Charging the goalkeeper

An Attacking Player Gives the Keeper a Firm Shoulder Barge Sending Him into His Own Net by
S.T. Dadd

In the early days of Association football a 'fair catch/ free kick from mark' rule had existed. This was abolished in 1869, and the discrete position of goalkeeper established.

Early football was more of a contact sport, and a goalkeeper was considered just as fair game as his outfield comrades. Scrimmages and rushes were important features of the game, and the 'charge' (knocking the player off the ball) seems to have been favoured over a purely ball winning tackle.  Wrexham's 1878 Welsh Cup win serves as an example of these tactics in action. -the Wrexham forwards charged the Druids' defenders to take the ball over the line to win the game in the final minute.
Most goalkeepers relied on punching the ball away rather than clean catches, unless they were particularly robust or were able to dodge the oncoming forwards like a Rugby outside- half.
Rule changes  in 1894 were supposed to offer the goalkeeper more protection- indeed a contemporary international * stated:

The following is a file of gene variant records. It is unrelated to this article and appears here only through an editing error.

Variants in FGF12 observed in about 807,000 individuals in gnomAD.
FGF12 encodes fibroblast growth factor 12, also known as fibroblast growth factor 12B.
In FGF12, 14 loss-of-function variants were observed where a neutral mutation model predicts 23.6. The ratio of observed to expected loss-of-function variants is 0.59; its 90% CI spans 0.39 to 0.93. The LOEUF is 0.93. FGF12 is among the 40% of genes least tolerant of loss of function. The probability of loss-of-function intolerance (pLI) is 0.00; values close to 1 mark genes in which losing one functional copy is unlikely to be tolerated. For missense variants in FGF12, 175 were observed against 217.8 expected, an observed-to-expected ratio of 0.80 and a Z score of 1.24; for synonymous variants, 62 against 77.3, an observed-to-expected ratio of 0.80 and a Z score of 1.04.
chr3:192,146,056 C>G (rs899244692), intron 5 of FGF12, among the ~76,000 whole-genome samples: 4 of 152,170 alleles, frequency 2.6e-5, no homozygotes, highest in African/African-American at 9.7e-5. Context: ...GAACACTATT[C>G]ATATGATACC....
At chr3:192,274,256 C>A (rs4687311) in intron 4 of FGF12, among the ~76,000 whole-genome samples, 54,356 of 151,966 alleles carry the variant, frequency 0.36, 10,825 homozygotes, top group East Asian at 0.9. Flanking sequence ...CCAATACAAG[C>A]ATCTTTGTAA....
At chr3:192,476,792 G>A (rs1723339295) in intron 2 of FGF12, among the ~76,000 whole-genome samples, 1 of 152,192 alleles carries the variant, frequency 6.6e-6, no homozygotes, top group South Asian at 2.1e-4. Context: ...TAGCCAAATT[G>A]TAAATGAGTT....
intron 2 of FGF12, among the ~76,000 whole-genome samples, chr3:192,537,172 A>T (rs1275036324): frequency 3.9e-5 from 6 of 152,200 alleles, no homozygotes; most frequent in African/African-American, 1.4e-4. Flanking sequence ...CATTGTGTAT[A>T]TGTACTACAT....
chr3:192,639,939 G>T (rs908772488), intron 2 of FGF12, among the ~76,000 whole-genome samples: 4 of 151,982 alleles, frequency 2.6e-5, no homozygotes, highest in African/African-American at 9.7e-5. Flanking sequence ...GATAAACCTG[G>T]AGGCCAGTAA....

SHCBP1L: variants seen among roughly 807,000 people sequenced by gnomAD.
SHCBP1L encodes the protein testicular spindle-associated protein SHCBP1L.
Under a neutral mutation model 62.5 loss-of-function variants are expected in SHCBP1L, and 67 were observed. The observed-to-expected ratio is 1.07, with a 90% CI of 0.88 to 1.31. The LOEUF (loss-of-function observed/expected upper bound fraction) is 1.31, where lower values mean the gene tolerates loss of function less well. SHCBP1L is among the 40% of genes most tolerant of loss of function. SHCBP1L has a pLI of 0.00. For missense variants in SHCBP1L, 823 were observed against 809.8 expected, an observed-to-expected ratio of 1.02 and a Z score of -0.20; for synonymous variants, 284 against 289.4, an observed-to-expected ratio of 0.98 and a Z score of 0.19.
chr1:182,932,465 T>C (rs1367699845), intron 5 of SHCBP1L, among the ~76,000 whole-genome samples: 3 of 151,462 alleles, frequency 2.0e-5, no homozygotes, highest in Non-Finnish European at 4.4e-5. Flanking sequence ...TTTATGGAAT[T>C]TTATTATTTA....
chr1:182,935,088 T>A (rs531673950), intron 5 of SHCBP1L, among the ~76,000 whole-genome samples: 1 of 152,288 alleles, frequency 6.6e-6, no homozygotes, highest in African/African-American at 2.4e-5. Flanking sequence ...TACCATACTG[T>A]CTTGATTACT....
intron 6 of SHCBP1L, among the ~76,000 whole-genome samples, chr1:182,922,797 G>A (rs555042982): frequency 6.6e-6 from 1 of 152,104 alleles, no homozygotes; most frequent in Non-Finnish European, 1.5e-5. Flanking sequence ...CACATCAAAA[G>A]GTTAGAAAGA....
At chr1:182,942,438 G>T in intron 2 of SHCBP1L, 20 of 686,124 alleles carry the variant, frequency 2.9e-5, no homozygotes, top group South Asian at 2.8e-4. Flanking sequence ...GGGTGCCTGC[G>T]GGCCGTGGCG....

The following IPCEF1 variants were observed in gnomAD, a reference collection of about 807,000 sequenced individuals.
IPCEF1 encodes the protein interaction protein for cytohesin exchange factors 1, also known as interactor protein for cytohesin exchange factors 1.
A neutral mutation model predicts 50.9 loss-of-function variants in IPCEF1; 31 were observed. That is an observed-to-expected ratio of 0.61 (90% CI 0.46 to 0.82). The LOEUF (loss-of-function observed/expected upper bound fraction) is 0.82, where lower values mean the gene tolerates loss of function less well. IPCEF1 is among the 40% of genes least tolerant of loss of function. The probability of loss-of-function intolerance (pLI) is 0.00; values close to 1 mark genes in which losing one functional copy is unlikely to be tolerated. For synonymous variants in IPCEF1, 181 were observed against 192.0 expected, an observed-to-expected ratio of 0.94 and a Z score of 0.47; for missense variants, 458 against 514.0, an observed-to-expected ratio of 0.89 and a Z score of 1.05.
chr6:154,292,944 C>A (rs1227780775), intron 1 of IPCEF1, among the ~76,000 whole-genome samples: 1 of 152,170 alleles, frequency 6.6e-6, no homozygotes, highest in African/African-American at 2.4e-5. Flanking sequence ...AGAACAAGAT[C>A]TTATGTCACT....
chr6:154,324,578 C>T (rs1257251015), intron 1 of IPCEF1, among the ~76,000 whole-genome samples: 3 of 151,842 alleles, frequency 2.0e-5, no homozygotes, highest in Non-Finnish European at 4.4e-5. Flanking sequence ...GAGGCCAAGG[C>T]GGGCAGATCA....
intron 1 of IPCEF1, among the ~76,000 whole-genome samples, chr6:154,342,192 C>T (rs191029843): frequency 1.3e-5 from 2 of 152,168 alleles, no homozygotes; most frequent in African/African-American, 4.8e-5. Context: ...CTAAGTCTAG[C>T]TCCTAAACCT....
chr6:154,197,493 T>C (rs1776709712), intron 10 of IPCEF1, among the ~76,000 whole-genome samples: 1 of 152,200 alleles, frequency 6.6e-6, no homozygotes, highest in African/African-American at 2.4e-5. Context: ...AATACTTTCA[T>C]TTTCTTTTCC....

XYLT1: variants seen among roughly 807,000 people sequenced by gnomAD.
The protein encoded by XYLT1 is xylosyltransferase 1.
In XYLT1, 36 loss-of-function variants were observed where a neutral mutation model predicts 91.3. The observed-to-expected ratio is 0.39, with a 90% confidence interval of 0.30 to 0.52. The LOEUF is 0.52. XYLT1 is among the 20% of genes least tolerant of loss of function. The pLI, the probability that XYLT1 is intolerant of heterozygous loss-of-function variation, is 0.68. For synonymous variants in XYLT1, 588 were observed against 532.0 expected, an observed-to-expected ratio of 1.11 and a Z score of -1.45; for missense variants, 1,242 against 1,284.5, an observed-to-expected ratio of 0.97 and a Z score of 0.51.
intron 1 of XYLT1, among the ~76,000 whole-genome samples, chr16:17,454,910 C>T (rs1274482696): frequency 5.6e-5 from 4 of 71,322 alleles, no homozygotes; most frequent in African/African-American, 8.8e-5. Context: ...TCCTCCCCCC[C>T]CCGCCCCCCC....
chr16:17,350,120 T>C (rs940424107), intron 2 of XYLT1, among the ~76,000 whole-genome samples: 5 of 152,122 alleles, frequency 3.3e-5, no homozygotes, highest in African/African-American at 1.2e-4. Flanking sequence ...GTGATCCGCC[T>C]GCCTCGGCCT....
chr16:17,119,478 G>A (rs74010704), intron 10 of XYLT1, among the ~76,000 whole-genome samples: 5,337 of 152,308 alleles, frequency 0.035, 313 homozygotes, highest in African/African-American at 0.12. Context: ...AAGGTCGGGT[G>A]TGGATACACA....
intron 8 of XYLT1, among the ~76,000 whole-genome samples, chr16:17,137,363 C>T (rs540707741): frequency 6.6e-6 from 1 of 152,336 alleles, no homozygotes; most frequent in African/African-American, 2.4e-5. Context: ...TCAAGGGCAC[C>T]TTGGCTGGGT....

The last part of Rule 10 says, 'The goalkeeper shall not be charged except when he is holding the ball, or obstructing an opponent'; and it is seldom, and not for long, that the custodian is in contact with the ball. It is safe to say that the goalkeeper is the best protected man on the field.
To understand the significance of this you have to appreciate that at this time it was legitimate to shoulder charge any opponent, regardless of whether he had the ball or not, so goalies could be taken out in order to clear the path to goal. It was still considered fair to charge the goalie with the ball! 
There is an example recorded in the South Essex Gazette (1898) of West Ham scoring against Brentford when two forwards bundled the goalkeeper into the net whilst he had the ball in his hands !

Thomas M.M. Hemy shows similar tactics deployed, to the delight of the Harrovian schoolboys behind the goal

* Ernest Needam,Sheffield United and England.